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A well preserved military airfield with multiple phases of use. Bicester Airfield first opened in late 1917 as a Royal Flying Corps training station and was one of the permanent RAF stations with substantial buildings and a grass airfield. The first combat units of World War II were Blenheim-equipped Nos 104 and 108 Squadrons, later merging to form No 13 OTU. Bicester closed as an active station in March 1976, part being taken over by the Army. The airfield is now the RAF Gliding Centre and the domestic site (located to the west of the A421) is currently used by the Ministry of Defence as the headquarters of the Defence Clothing and Textiles Agency. The hangars and other specialised buildings are located at the technical site between the flying field the A421. Bicester is special because it retains a large number of buildings and structures, not only from the expansion period, but from the early expansion period of 1925-1928. These buildings and structures, amongst others, include two Type A Aeroplane Sheds, four Type E Barrack Blocks, a parachute store, the station armoury, a decontamination centre, the station sick quarters, and a watch office with tower. Bicester is the best preserved of the bomber bases constructed as the principal arm of Sir Hugh Trenchard's expansion of the RAF from 1923. It retains, better than any other military airbase in Britain, the layout and fabric relating to both pre-1930 military aviation and the development of Britain's strategic bomber force in the period up to 1939. The grass flying field still survives, bounded by a group of bomb stores built in 1938-9 and airfield defences built in the early stages of the Second World War. Please see (SP 52 SE 64) to (SP 52 SE 121), (SP 62 SW 27) and (SP 52 SE 125) to (SP 52 SE 135) for more details of the various features of RAF Bicester. Sections of the airfield have been Scheduled.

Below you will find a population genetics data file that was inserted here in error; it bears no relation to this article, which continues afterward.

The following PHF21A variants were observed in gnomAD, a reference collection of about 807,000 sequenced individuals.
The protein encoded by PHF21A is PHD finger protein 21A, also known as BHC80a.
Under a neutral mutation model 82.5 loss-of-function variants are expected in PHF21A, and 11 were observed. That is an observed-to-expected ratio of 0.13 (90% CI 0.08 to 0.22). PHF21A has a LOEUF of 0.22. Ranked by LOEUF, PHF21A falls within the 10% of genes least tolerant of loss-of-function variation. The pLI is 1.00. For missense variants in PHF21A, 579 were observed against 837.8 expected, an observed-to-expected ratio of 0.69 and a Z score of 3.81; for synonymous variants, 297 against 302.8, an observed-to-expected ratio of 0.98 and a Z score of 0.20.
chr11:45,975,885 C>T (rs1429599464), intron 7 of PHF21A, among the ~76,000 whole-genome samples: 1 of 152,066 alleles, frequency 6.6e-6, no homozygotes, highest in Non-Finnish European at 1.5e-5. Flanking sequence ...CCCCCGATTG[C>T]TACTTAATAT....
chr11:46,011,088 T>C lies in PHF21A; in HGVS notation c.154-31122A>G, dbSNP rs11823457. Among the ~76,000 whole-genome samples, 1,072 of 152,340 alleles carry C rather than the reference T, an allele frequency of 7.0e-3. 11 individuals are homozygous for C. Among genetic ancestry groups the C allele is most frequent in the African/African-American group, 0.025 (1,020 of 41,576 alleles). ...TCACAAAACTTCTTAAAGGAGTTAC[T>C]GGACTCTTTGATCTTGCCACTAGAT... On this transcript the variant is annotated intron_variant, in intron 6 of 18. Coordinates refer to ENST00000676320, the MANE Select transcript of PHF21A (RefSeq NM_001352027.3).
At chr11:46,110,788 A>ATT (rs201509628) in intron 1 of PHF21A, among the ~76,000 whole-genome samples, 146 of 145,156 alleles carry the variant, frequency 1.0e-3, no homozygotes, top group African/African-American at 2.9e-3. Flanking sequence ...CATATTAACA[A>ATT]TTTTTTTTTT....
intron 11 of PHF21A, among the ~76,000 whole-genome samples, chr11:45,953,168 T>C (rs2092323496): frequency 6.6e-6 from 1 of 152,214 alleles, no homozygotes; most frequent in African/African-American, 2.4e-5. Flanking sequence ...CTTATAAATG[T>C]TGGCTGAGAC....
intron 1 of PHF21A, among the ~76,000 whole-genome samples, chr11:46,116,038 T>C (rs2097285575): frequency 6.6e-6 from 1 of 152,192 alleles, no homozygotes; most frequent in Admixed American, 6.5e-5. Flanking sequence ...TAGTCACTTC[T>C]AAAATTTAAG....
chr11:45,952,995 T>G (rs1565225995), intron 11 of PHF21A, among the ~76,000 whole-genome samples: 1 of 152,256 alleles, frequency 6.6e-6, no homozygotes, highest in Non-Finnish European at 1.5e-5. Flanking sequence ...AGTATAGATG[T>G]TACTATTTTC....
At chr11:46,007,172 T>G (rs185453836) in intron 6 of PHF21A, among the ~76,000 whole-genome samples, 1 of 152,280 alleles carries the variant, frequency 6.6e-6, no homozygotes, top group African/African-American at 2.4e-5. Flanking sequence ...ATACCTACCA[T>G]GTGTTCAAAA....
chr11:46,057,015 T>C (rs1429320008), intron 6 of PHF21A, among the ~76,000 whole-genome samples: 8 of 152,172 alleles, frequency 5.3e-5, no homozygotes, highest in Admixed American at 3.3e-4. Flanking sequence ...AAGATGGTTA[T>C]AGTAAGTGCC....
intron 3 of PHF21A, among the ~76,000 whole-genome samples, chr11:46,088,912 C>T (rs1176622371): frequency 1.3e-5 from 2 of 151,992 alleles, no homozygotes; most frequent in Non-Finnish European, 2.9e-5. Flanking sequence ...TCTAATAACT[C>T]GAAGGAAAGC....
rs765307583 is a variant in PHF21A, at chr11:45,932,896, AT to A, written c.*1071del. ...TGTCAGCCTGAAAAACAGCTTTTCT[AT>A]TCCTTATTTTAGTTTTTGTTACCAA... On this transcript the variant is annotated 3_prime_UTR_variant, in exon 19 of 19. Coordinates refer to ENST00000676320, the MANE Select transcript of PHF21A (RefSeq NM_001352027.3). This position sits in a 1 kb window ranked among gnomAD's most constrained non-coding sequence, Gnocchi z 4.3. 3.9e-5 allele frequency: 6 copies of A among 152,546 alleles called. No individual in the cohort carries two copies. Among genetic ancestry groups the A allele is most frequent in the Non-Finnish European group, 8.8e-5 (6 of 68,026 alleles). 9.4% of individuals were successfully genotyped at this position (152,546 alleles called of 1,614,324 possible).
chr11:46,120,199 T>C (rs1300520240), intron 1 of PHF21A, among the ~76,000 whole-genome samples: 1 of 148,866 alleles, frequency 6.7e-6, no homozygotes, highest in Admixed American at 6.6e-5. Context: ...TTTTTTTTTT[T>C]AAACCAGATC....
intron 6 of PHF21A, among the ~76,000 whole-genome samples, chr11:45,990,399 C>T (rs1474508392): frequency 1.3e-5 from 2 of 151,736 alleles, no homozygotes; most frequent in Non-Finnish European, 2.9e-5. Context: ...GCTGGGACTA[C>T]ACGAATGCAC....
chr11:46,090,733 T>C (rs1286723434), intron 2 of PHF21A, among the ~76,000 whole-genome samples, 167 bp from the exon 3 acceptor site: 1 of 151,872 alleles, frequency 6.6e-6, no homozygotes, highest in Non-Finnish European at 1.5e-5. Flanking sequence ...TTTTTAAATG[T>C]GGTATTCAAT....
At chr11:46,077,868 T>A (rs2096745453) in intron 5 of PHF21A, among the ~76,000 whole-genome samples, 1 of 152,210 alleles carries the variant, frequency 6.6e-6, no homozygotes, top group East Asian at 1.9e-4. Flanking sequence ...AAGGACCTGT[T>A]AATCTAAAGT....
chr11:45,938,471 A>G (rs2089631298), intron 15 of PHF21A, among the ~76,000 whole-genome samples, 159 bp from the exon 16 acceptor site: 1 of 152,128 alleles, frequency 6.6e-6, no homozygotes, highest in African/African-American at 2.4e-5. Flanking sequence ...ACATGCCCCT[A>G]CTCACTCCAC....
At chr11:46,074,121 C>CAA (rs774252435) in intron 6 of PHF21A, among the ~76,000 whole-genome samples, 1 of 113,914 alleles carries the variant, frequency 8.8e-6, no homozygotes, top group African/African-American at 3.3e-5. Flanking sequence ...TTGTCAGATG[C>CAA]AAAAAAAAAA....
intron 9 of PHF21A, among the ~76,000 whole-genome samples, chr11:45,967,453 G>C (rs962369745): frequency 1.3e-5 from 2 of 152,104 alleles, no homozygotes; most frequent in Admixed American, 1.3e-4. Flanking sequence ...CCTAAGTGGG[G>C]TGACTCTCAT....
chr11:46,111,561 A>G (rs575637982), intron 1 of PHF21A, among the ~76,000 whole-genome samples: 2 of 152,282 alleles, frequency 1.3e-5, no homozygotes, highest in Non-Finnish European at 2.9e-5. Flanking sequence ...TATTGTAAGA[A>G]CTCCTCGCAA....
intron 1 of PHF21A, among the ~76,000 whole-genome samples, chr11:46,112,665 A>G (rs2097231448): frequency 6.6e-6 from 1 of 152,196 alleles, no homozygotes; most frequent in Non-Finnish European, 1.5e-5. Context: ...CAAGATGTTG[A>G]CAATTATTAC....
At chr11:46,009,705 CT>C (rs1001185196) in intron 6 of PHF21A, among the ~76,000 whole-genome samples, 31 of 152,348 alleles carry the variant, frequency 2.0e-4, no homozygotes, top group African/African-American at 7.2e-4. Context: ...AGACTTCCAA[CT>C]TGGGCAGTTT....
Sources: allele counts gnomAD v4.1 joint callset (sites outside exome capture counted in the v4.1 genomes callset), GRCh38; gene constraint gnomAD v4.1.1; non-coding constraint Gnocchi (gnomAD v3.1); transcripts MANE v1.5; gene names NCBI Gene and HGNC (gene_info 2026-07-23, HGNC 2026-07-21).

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Further information about monuments may be obtained by contacting Archive Services, through the Historic England website.